Interesting results of a survey of student views by The Living Wage Foundation. Most believe that VC pay should be cut to bolster the pay of Security and Cleaning staff – particularly timely as both groups face staffing reductions and changes to terms and conditions in the current round of BEP.
See the story at http://www.livingwage.org
UCU LA continues to hear distressing stories of how the current climate of uncertainty, and yes in many cases real fear, is having a serious and adverse effect on staff mental and physical health.
Members will be aware that one of our sister campus unions Unison has balloted its members for industrial action following the refusal of management to accede to a request for a slowing down of the BEP programme to allow proper consideration of the plans.
From our own perspective, we agree that the process is being pushed through in an unseemly manner, manifested most obviously by the fact that unions rarely see documentation more than a day or so before a meeting to consult, and in some instances are presented with huge volumes tabled at meetings.
Pleas for more time to consider documentation prior to a meeting (5 days would seem reasonable) are met first with an apology and then with the counter that HR staff are working long hours to get the paperwork together.
UCU agrees with the head of HR that staff in that department equally deserve their free time – which is precisely why the process should take a manageable pace, not one that exposes our HR colleagues to unreasonable workload and damaging levels of stress.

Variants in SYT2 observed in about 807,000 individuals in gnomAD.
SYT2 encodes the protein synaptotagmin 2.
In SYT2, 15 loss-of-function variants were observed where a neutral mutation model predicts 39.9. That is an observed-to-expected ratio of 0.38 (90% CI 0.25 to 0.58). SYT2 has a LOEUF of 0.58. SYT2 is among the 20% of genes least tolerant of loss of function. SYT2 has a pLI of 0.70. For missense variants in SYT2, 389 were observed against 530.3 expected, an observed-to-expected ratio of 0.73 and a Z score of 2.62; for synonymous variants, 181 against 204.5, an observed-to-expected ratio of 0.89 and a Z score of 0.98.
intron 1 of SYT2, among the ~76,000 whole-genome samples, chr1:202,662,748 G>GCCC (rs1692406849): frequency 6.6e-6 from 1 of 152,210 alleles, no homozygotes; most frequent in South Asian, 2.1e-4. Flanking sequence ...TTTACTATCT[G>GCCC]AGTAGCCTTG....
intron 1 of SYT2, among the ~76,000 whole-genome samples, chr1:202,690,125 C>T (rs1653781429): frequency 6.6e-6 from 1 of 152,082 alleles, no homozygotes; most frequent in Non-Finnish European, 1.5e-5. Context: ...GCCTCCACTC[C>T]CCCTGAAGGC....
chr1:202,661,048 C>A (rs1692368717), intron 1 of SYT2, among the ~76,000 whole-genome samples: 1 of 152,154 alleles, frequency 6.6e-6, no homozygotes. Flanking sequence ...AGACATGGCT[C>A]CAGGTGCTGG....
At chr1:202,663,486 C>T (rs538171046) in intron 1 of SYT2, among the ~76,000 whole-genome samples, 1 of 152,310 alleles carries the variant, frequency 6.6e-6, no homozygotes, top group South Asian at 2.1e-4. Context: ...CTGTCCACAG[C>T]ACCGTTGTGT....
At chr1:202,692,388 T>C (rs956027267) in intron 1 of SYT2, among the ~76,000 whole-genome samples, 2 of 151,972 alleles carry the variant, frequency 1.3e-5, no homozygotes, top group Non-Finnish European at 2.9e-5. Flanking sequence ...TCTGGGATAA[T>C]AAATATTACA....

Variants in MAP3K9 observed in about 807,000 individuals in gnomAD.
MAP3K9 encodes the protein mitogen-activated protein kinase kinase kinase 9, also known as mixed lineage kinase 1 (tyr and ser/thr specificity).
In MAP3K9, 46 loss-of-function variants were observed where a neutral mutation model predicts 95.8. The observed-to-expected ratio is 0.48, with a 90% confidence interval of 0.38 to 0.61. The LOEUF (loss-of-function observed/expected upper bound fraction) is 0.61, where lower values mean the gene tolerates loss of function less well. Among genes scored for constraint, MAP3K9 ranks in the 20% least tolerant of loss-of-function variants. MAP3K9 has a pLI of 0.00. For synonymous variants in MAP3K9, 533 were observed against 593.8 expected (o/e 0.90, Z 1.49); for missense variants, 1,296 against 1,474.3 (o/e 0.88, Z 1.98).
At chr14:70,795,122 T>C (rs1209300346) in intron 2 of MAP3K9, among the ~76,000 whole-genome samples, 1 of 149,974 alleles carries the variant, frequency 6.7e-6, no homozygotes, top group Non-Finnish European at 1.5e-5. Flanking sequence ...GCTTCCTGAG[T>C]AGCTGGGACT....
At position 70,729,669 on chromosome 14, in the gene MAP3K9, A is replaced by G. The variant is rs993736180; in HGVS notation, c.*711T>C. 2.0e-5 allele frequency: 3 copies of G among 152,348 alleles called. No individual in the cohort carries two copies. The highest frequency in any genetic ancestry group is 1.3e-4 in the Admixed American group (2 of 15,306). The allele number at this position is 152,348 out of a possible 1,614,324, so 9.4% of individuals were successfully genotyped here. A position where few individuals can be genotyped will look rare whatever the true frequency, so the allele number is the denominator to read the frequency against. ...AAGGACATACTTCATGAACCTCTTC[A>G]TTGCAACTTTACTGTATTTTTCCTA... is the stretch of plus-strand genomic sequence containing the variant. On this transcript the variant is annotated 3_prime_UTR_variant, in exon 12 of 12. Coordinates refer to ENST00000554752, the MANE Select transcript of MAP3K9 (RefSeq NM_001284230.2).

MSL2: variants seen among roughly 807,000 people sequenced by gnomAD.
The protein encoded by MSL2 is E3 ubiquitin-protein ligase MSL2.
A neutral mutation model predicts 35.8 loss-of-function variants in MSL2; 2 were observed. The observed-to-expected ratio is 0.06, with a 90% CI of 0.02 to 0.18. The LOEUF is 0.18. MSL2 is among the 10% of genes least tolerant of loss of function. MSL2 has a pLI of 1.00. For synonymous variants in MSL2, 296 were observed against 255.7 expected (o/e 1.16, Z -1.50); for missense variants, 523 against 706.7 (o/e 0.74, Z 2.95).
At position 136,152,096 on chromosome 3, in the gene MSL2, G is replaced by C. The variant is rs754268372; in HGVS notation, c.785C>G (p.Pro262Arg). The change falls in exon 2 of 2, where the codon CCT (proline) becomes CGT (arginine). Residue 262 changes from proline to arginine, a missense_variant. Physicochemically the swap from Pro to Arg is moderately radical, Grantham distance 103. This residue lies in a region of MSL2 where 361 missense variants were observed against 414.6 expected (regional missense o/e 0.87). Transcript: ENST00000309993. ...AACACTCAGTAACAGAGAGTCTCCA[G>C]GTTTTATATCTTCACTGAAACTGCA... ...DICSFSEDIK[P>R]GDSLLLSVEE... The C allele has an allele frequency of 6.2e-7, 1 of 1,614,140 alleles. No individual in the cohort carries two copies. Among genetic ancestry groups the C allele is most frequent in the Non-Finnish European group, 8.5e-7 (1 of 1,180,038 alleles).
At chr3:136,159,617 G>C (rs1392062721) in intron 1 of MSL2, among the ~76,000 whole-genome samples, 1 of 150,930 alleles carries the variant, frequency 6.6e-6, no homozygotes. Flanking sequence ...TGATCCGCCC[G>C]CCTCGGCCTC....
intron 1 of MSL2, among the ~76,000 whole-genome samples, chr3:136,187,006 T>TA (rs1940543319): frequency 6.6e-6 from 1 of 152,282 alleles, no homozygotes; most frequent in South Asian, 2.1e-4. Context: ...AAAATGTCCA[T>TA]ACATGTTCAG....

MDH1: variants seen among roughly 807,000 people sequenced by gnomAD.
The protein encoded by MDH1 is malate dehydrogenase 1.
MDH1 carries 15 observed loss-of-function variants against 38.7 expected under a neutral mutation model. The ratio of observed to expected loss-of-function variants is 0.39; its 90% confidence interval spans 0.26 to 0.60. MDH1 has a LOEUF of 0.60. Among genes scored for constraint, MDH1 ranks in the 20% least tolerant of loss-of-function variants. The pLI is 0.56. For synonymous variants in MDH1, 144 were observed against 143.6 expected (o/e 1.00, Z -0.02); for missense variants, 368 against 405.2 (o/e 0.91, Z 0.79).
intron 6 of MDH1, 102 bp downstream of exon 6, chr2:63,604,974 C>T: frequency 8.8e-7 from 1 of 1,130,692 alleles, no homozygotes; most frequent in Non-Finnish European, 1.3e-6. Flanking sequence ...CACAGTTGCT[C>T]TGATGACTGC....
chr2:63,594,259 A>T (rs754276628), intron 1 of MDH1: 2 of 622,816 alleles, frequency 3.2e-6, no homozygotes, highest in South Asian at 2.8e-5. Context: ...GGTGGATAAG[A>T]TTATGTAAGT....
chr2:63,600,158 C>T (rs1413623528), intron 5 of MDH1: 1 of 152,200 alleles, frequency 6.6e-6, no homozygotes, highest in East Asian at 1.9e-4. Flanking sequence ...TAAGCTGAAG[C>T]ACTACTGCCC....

In times of heightened stress such as we are all now experiencing at Bradford, it is inevitable that rumours will circulate about everything that is going on.
Latest “silly season” gossip is suggesting that the recent vote of no confidence being run by Bradford UCU LA was delayed in exchange for an agreement between the branch and management that the axe would not fall on academics.
Those in attendance at the AGM will note that the delay was specifically designed to avoid a negative impact on clearing; the “turkeys don’t vote for Christmas” argument. There most certainly was NOT a deal as the rumour suggests. Rather, the careful timing was aimed at cooking a particular goose!
UCU Bradford LA is committed to operating on a fair and equitable basis for all of its members, whether academic or non-academic, with Co-Presidents from both staff groups. Our committee is equally populated by representatives from both groups to further reinforce that commitment. We also continue to work as a union and also closely with other campus unions to seek the best outcomes for all staff.
Glad to see that the Joint Expert Panel established to consider the 2017 valuation and look at robust methodologies for future valuation has published its first report.
USS pension members will have seen briefings from the trustees proposing an increase to 36.6% joint employer/employee contribution in order to maintain benefits at current levels.
The JEP review indicates that a more realistic valuation of the scheme suggests a 29.2% joint contribution.
For more details please see the UCU General Secretary’s briefing where you can read the Chair’s launch statement and find a link to the full report.